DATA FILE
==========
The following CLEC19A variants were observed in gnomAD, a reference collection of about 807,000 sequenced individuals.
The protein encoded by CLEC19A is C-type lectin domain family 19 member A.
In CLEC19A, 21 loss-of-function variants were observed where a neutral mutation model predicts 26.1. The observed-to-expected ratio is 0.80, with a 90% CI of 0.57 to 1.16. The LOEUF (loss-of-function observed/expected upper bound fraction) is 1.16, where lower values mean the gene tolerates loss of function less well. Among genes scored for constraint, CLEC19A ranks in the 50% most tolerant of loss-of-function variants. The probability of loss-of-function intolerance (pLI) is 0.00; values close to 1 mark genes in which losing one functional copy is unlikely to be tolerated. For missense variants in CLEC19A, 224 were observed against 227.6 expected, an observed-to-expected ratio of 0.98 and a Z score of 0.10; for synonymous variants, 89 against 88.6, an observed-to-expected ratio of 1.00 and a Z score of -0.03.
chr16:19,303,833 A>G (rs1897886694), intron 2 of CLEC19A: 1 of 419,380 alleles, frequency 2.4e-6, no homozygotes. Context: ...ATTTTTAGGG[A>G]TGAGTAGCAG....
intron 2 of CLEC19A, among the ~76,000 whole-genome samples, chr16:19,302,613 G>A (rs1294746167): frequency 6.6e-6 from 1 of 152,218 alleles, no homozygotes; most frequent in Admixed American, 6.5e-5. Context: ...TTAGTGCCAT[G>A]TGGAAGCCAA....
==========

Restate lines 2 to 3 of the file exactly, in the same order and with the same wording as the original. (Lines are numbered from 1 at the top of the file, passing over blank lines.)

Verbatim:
The protein encoded by CLEC19A is C-type lectin domain family 19 member A.
In CLEC19A, 21 loss-of-function variants were observed where a neutral mutation model predicts 26.1. The observed-to-expected ratio is 0.80, with a 90% CI of 0.57 to 1.16. The LOEUF (loss-of-function observed/expected upper bound fraction) is 1.16, where lower values mean the gene tolerates loss of function less well. Among genes scored for constraint, CLEC19A ranks in the 50% most tolerant of loss-of-function variants. The probability of loss-of-function intolerance (pLI) is 0.00; values close to 1 mark genes in which losing one functional copy is unlikely to be tolerated. For missense variants in CLEC19A, 224 were observed against 227.6 expected, an observed-to-expected ratio of 0.98 and a Z score of 0.10; for synonymous variants, 89 against 88.6, an observed-to-expected ratio of 1.00 and a Z score of -0.03.